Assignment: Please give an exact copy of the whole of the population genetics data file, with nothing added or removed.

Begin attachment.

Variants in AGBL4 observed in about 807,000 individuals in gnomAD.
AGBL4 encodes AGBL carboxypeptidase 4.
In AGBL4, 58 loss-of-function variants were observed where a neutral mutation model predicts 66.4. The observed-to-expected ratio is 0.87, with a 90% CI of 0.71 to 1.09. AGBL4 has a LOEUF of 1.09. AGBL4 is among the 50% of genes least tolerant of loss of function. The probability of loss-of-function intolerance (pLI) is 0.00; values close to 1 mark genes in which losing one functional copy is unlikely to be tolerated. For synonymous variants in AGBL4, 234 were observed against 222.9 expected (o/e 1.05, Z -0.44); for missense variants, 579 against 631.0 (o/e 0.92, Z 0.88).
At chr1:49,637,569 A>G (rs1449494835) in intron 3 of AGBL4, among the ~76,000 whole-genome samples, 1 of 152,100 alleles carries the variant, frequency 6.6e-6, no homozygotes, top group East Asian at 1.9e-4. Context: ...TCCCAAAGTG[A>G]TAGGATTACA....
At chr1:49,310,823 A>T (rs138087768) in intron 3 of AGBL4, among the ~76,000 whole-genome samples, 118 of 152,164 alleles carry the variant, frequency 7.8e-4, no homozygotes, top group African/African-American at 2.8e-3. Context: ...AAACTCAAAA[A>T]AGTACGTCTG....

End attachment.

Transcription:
Variants in AGBL4 observed in about 807,000 individuals in gnomAD.
AGBL4 encodes AGBL carboxypeptidase 4.
In AGBL4, 58 loss-of-function variants were observed where a neutral mutation model predicts 66.4. The observed-to-expected ratio is 0.87, with a 90% CI of 0.71 to 1.09. AGBL4 has a LOEUF of 1.09. AGBL4 is among the 50% of genes least tolerant of loss of function. The probability of loss-of-function intolerance (pLI) is 0.00; values close to 1 mark genes in which losing one functional copy is unlikely to be tolerated. For synonymous variants in AGBL4, 234 were observed against 222.9 expected (o/e 1.05, Z -0.44); for missense variants, 579 against 631.0 (o/e 0.92, Z 0.88).
At chr1:49,637,569 A>G (rs1449494835) in intron 3 of AGBL4, among the ~76,000 whole-genome samples, 1 of 152,100 alleles carries the variant, frequency 6.6e-6, no homozygotes, top group East Asian at 1.9e-4. Context: ...TCCCAAAGTG[A>G]TAGGATTACA....
At chr1:49,310,823 A>T (rs138087768) in intron 3 of AGBL4, among the ~76,000 whole-genome samples, 118 of 152,164 alleles carry the variant, frequency 7.8e-4, no homozygotes, top group African/African-American at 2.8e-3. Context: ...AAACTCAAAA[A>T]AGTACGTCTG....